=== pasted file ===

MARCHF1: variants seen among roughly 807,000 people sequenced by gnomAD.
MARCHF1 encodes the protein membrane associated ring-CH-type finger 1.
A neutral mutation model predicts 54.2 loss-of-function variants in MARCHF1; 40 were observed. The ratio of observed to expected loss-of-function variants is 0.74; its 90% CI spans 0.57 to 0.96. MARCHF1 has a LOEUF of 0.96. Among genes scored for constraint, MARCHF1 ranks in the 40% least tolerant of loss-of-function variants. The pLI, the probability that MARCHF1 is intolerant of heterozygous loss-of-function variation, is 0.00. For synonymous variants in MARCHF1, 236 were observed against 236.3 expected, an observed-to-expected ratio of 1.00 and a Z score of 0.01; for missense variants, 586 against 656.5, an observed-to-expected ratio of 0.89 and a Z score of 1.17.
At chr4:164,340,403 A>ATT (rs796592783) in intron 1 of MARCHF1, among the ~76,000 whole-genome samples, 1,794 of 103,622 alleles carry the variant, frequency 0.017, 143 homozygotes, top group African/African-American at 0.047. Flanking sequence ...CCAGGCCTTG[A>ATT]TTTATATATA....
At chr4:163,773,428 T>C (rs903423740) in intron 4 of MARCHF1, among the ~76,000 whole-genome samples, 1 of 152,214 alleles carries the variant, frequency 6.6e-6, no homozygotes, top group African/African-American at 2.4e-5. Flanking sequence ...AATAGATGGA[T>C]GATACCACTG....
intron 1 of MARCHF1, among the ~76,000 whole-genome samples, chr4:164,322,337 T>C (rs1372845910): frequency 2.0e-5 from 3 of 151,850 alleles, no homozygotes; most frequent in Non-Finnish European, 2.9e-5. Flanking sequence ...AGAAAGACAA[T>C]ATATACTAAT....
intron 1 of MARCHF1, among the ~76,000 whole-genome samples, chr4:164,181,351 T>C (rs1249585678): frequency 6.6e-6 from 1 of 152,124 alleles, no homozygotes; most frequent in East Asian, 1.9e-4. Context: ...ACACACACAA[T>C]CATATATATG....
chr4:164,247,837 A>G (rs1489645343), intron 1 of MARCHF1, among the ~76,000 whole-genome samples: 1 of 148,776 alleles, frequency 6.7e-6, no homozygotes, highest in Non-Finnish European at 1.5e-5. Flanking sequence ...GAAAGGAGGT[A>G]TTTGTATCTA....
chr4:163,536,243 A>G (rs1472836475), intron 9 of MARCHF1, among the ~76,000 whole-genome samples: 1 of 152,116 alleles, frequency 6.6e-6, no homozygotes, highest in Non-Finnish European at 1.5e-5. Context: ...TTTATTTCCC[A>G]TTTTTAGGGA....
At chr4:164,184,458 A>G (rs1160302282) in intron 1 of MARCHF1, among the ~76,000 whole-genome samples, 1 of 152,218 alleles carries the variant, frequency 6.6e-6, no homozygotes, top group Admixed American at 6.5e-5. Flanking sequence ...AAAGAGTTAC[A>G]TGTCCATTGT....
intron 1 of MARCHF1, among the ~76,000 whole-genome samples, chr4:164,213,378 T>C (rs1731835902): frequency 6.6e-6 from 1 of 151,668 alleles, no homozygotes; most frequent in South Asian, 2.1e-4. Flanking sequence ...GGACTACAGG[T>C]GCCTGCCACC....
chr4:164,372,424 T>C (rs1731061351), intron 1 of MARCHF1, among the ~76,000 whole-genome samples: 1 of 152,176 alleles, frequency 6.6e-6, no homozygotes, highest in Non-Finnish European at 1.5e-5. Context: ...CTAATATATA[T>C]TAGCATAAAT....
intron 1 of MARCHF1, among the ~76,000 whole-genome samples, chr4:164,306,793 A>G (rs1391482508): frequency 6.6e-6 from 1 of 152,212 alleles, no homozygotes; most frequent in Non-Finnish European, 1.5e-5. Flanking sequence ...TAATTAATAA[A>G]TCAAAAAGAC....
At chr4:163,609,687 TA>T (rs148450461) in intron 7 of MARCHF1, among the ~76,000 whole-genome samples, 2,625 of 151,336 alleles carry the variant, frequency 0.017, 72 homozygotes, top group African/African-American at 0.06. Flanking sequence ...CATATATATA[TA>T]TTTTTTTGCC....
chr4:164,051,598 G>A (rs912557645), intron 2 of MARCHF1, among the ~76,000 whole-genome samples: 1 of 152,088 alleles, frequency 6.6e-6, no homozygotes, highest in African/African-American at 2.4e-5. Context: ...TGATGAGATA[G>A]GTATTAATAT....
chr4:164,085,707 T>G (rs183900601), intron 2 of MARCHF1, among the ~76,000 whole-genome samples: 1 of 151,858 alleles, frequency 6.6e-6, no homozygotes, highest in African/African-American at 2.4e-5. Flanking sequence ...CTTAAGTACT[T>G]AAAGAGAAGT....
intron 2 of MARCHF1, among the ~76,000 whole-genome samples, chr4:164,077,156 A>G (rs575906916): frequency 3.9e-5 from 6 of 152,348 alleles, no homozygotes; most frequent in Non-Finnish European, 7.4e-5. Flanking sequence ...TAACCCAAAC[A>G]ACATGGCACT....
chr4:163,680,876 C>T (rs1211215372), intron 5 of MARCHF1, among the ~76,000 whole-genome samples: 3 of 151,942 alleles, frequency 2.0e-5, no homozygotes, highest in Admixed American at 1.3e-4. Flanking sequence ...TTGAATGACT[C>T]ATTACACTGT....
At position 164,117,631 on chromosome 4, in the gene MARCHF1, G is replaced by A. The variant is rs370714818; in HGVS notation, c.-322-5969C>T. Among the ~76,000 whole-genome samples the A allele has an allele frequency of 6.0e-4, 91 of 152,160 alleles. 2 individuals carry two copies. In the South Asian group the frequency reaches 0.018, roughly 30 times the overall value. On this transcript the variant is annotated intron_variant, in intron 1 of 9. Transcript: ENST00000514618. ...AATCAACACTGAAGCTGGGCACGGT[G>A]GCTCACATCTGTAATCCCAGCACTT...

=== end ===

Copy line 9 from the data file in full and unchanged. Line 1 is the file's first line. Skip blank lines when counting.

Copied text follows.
chr4:163,536,243 A>G (rs1472836475), intron 9 of MARCHF1, among the ~76,000 whole-genome samples: 1 of 152,116 alleles, frequency 6.6e-6, no homozygotes, highest in Non-Finnish European at 1.5e-5. Context: ...TTTATTTCCC[A>G]TTTTTAGGGA....